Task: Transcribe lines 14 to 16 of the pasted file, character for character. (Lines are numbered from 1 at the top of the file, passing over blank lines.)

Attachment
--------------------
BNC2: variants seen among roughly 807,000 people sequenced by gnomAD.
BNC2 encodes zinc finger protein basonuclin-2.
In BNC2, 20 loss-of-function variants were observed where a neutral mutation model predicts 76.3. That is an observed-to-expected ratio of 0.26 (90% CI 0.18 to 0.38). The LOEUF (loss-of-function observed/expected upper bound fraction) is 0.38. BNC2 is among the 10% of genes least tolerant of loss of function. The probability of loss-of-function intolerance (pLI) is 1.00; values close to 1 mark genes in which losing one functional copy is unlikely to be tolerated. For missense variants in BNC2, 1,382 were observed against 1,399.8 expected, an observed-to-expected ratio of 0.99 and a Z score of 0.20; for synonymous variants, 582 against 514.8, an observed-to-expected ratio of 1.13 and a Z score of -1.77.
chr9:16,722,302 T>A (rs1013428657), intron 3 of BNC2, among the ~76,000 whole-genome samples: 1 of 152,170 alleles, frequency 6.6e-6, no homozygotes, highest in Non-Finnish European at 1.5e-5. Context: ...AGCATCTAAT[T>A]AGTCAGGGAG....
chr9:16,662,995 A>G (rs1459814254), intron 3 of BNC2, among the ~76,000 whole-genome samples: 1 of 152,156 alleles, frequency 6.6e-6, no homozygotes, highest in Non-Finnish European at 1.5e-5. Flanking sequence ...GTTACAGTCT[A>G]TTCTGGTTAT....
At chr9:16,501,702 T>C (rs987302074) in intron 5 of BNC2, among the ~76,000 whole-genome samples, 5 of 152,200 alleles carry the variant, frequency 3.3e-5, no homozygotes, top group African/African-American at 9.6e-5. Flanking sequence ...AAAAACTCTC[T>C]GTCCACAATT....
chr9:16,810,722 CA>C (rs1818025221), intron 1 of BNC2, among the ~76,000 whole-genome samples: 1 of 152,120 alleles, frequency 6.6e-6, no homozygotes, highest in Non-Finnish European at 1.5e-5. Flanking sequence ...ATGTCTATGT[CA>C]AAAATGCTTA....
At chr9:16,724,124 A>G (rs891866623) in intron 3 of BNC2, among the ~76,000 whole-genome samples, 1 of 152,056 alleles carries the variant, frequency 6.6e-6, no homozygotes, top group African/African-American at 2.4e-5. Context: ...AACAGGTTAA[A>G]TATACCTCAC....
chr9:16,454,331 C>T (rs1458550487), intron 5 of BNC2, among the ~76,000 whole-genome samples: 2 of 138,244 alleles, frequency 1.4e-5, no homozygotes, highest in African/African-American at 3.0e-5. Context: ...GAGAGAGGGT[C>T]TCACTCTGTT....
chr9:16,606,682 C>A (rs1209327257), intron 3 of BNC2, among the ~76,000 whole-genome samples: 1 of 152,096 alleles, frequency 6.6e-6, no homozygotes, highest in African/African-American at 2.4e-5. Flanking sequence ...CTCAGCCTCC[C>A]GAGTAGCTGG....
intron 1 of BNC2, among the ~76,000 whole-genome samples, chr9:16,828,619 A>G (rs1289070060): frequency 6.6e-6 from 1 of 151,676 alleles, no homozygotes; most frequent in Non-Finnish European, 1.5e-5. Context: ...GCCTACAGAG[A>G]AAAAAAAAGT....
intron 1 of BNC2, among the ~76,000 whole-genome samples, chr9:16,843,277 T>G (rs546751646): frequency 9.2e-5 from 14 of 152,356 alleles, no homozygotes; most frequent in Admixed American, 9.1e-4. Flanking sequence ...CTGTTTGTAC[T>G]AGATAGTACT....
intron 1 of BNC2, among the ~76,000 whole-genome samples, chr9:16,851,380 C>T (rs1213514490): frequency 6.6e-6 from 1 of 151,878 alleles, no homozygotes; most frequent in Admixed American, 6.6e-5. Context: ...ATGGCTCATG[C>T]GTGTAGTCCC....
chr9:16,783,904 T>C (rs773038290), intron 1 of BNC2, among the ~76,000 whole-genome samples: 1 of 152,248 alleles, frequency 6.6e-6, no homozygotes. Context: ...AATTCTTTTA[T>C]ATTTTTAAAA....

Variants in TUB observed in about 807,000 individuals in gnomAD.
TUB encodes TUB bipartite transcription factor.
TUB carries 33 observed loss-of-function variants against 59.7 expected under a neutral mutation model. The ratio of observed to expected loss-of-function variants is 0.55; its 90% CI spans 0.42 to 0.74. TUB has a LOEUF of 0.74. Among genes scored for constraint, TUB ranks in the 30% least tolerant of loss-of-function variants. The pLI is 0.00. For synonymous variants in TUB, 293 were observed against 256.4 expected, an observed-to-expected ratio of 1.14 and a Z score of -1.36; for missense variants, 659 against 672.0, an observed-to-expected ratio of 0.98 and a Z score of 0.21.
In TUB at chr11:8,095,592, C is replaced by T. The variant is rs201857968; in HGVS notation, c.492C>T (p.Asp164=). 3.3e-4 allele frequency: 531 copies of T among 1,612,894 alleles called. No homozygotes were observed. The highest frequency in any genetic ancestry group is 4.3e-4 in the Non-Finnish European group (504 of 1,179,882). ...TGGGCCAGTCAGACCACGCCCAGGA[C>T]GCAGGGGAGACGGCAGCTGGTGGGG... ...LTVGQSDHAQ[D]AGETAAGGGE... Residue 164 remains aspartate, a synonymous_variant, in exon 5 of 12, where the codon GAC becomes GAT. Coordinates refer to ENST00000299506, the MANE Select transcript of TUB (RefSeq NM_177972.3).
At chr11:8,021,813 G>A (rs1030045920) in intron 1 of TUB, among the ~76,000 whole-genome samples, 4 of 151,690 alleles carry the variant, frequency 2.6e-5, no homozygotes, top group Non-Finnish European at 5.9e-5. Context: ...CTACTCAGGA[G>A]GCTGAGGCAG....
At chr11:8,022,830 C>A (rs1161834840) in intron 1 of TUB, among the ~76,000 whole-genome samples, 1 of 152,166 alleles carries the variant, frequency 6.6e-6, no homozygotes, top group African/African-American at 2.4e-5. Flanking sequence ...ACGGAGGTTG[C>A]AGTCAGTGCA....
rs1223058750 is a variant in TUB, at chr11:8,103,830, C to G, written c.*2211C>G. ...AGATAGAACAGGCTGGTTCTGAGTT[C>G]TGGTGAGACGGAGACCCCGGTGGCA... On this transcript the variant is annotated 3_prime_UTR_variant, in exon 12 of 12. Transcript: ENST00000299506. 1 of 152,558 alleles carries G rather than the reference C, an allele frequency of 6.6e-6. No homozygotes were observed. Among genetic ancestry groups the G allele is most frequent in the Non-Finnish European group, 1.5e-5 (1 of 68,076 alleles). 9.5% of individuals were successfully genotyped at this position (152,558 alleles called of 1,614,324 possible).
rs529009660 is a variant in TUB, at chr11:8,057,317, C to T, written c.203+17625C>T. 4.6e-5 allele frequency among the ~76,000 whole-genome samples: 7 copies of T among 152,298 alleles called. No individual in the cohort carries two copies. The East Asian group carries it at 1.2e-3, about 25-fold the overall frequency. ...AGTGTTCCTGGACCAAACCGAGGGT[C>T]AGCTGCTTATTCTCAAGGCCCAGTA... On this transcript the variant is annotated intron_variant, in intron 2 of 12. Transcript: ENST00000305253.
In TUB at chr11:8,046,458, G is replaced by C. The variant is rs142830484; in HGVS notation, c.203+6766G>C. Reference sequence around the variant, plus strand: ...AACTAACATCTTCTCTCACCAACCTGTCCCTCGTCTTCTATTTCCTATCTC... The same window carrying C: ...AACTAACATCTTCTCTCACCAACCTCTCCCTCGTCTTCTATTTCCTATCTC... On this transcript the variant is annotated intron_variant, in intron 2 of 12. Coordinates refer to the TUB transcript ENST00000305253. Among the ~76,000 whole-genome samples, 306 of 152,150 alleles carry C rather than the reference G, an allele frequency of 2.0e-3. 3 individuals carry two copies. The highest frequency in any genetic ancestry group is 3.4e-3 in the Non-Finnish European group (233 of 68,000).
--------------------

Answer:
chr9:16,783,904 T>C (rs773038290), intron 1 of BNC2, among the ~76,000 whole-genome samples: 1 of 152,248 alleles, frequency 6.6e-6, no homozygotes. Context: ...AATTCTTTTA[T>C]ATTTTTAAAA....

Variants in TUB observed in about 807,000 individuals in gnomAD.
TUB encodes TUB bipartite transcription factor.